We start our graduate core course in Physical Anthropology with a few articles on the history of the discipline, why it's historically called "physical" anthropology, & why it's now often termed "biological" anthropology. In the coming weeks, the students themselves will be posting their summaries of articles & discussing how the material relates to their own research interests. As we are a 4-field department, many of the students' primary interests are in archaeology, cultural anthropology, & linguistics (well, not this year, but in theory), but they have been encouraged to relate what they read to their own work, thus integrating the material at what I hope will be a deeper level than merely what they need to know for comps, & not to simply reiterate what the articles say about Physical Anthropology as a subdiscipline.
The first day, aside from listening to me monologue for 2 hours (I would make a good villain--easy for a superhero to escape from as I pontificate while they untie themselves--see clip from The Incredibles above for that reference), the class broke into two groups to summarize one article each, pull out its key points & one take-home message, & utilize those key points to compose an integrative question, such as might be used (& indeed, it might be!) on an exam. the first was Frank Spencer's "The Rise of Academic Physical Anthropology in the United States (1880-1980): A Historical Overview" (1981, AJPA 56:353-364).
A few things jumped out at me to which I'd also like to draw attention & elicit some opinions. On p. 354, there is discussion of the Bureau of American Ethnology being the "major breakthrough in the professinalization of American anthropology" until "the question of Indian policy was no longer a major political issue," at which point the establishment of academic anthropology became a major focus:
...the university offered not only a means for training but also for advancing scientific research...There were, however, several factors impeding its early advancement. One was that it had no prior claim to a place in the university curriculum (see Darnell, 1970a). Another was that its content overlapped (in varying degrees) with a number of well-established academic disciplines such as philosophy, psychology, history, and geography.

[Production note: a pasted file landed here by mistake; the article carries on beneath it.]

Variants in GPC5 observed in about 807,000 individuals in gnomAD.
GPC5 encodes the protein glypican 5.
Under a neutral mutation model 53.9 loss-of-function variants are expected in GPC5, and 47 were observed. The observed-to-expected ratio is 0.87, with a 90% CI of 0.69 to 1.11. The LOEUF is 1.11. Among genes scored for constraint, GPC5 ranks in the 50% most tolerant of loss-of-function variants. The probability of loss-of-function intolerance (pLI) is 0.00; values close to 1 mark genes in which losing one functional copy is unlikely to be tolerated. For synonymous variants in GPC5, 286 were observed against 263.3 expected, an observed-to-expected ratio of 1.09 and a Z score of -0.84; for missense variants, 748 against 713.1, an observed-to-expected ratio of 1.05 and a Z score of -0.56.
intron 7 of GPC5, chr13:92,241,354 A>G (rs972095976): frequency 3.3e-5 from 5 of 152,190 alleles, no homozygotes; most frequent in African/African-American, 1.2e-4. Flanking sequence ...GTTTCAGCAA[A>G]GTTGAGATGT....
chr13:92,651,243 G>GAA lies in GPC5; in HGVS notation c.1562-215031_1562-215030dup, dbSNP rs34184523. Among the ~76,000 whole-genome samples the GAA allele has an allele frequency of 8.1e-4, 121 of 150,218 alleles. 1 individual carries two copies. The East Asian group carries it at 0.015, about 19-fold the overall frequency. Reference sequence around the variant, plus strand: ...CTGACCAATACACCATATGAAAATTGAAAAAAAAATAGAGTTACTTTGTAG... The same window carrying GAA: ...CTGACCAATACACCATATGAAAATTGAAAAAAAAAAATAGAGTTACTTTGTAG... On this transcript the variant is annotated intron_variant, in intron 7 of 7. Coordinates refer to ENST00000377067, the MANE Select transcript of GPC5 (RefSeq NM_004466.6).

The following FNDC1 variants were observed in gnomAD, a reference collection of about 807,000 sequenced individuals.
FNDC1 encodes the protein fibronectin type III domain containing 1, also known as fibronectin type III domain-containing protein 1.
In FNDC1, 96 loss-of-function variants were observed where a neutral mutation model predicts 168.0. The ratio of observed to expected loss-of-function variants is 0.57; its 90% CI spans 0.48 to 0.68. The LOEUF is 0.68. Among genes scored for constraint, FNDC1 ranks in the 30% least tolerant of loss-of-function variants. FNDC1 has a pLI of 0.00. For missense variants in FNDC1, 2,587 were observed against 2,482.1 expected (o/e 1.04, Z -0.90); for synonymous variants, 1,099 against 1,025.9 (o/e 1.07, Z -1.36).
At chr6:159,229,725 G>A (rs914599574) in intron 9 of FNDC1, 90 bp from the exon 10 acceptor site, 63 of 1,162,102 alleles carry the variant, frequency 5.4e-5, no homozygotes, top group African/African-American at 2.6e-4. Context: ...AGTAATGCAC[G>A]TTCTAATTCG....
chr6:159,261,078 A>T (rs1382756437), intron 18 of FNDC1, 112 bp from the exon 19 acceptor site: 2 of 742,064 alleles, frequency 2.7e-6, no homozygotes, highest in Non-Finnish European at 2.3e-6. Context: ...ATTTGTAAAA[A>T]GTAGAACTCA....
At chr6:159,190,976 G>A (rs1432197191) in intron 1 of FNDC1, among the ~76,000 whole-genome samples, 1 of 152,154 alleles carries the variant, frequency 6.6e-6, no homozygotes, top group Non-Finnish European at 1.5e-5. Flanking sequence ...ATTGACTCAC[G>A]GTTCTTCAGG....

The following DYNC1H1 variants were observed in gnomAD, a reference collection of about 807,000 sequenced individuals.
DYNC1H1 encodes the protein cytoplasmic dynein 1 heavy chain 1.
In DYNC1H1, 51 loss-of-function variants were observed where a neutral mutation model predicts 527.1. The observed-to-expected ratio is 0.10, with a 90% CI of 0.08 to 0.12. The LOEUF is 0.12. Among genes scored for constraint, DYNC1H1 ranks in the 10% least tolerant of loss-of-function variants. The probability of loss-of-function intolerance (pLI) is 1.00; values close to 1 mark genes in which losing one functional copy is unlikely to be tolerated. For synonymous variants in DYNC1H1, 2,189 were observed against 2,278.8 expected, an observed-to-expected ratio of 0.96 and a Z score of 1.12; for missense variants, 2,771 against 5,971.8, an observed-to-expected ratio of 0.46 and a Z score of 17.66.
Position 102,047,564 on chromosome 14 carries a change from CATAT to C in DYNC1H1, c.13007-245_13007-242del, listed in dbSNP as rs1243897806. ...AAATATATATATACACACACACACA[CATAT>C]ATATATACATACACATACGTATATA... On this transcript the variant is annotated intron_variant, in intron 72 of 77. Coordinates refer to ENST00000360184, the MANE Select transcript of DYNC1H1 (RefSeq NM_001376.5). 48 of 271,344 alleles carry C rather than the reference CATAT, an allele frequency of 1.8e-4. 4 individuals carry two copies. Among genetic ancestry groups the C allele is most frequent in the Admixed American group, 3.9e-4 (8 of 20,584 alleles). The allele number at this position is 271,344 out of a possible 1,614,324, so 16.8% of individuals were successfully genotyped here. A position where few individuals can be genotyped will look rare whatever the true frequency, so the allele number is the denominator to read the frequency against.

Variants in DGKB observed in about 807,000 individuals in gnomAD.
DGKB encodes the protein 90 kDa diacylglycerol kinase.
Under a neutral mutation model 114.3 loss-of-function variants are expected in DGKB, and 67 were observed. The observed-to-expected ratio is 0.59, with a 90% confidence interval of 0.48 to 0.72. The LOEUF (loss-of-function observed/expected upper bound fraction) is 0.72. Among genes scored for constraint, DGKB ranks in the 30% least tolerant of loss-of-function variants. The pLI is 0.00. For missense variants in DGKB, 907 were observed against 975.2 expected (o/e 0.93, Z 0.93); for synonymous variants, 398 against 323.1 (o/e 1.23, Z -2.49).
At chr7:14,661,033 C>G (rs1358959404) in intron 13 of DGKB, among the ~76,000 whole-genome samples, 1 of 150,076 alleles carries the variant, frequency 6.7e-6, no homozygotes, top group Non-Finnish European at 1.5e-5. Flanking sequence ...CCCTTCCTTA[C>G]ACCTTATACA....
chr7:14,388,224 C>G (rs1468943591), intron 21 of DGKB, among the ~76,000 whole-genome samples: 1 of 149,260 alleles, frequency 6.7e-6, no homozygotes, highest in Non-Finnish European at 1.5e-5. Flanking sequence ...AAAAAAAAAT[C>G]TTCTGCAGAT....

My question is, has any of this changed in over 100 years? What makes anthropology as a discipline & biological/physical anthropology as a subdiscipline important, relevant, & distinctive? What, exactly, is its place within a university curriculum?
The 2nd article discussed was Sherry Washburn's "The Strategy of Physical Anthropology" (1952, Anthropology Today), which the group who summarized it thought sufficiently covered in Table 1 (& that it was a little redundant after that):
By & large, I agree with the sentiments of the students, as many of these lessons have been internalized within our discipline with regards to NOT typologizing humans & the problems with the descriptive focus of Old Physical Anthropology reifying wrong-headed & destructive race concepts. However, I direct your attention to a spate of recent posts by bloggers in anthropology & (some scary ones by folks in) other fields via this tidy summary by Jason Antrosio that make it clear that, even within the "Ivory Tower," Washburn's position is far from "self-evident" to many. So, I would like to know the answer to the above question--students, answer your own question; anyone else reading this, please feel free to chime in. How have the changes from the Old to the New Physical Anthropology affected you personally, in terms of your research, lives, etc.?